colonization, culture, Descartes, existence, hive mind, philosophy, skepticism, Socrates, war
Fragment 153, word count: 458.
The process of maturing into the activities of an adult member of society requires becoming increasingly cultured in a range of skills and knowledge. People go to schools and universities to acquire more and more culture in specific areas, and certain social factions claim superiority and authority because of especially cultured practices and attitudes. There is a single exception to the pursuit of more and higher culture: philosophy. Students in philosophy do acquire arcane culture in the history of ideas, linguistics, and logic, for example. However, the exceptional thing is that, since (“My wisdom is knowing I know nothing.”) Socrates, philosophy is also a matter of undertaking the difficult task of discovering how to be innocently original, how to de-culture, to become sensitive to the influences of culture on assumptions and patterns of thinking and to recognize the random arbitrariness of much cultural content. The method of systematic doubt and questioning described by Descartes is another familiar example, and his is just a particular presentation of a wider application of skepticism in philosophical thinking. This work is a serious de-culturing process, the same one required to negate the effects of colonization, which is hostile cultural influence asserting the superiority of one culturally constructed hive mind over others. There is extreme danger in cultural constructs that can be characterized as collective identity, human hive minds. Hive minds make war, and no anti-war effort will be effective without dealing with that reality. Philosophy is precisely a personal disengagement from hive mind influences, a mental operation for arranging to experience from the innocence of personal questioning and discovery. Regrettably, this has not prevented numerous philosophers from embracing and advocating for their chosen hive minds, partly because it has been difficult to recognize these collective identities as the dangerous cultural constructs they are rather than as parts of nature or inevitable projections of psychology. There is more to culture than hive mind construction and neither culture nor individual meaning and purpose requires hive mind constructs.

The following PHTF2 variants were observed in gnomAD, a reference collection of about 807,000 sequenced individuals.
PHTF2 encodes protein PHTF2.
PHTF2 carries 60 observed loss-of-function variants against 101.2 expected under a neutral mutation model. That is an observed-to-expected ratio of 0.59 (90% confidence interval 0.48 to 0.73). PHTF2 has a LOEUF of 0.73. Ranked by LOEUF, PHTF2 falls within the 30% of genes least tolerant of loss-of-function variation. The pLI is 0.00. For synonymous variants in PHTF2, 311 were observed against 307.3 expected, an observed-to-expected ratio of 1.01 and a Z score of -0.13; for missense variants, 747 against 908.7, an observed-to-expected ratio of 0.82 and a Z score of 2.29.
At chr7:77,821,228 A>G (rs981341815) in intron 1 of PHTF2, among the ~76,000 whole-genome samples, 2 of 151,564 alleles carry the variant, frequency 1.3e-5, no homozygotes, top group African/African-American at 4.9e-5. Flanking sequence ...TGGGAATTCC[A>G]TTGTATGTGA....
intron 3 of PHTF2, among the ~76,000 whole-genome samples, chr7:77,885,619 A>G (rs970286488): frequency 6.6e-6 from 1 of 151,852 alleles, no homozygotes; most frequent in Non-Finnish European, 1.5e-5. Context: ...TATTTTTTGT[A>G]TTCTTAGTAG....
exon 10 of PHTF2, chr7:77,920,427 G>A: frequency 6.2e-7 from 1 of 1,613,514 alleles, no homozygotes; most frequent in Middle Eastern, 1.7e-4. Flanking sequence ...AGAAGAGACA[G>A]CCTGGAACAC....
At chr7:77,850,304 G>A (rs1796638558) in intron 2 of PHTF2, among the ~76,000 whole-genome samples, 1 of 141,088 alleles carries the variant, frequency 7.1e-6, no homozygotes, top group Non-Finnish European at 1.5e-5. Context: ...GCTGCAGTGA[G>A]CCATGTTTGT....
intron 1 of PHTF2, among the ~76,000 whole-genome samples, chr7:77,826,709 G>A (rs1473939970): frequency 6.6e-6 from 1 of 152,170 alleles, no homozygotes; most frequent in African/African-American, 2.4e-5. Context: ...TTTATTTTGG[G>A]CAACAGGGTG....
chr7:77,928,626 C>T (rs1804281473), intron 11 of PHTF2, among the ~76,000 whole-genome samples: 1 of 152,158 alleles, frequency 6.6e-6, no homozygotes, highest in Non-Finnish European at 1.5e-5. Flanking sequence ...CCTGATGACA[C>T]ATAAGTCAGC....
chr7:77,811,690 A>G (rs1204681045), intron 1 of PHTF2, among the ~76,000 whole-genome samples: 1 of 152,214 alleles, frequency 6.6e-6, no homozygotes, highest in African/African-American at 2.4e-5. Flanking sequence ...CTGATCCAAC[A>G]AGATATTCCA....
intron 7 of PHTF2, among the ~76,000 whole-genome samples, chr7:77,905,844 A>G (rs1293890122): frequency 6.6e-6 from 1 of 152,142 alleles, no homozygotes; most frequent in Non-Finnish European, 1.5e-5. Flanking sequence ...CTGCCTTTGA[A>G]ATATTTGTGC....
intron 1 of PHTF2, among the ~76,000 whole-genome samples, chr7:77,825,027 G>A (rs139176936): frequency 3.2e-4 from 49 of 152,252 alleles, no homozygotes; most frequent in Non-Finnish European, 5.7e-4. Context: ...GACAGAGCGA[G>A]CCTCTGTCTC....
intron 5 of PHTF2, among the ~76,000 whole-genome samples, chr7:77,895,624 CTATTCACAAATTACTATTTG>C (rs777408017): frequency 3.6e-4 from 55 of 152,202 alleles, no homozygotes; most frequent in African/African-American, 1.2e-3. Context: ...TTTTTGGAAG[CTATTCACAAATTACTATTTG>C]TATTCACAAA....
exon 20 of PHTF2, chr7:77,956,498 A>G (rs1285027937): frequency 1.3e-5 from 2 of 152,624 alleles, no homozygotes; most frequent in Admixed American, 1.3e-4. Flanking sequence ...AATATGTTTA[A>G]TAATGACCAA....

Just as any assertion of scientific knowledge must implicitly assert, as well as exemplify, a human nature competent to discover and understand scientific truths about nature, so any philosophical assertion must claim a human force of orientation competent, at the level of the embodied individual, to perform abstract reconceptualization of experience itself, of human existence itself, a general human competence to be free of hive mind influences. Being a person is bigger than being a citizen or member of any collective or cultural community. This is largely because of bogus ideas in cultures that bind collectives into hive minds. It is everybody’s duty as a person to enlarge the restrictive cultures, to make room for individuals to express the original creativity of innocent humanity.
There is more on hive mind here:
Fragment 106, May 10, 2017, Social Contract as Hive Mind (1)
Fragment 107, May 18, 2017, Social Contract as Hive Mind (2)
Fragment 112, August 2, 2017, Social Contract as Hive Mind (3)
Fragment 132, August 15, 2018, Life after Hive-Mind
Copyright © 2019 Sandy MacDonald.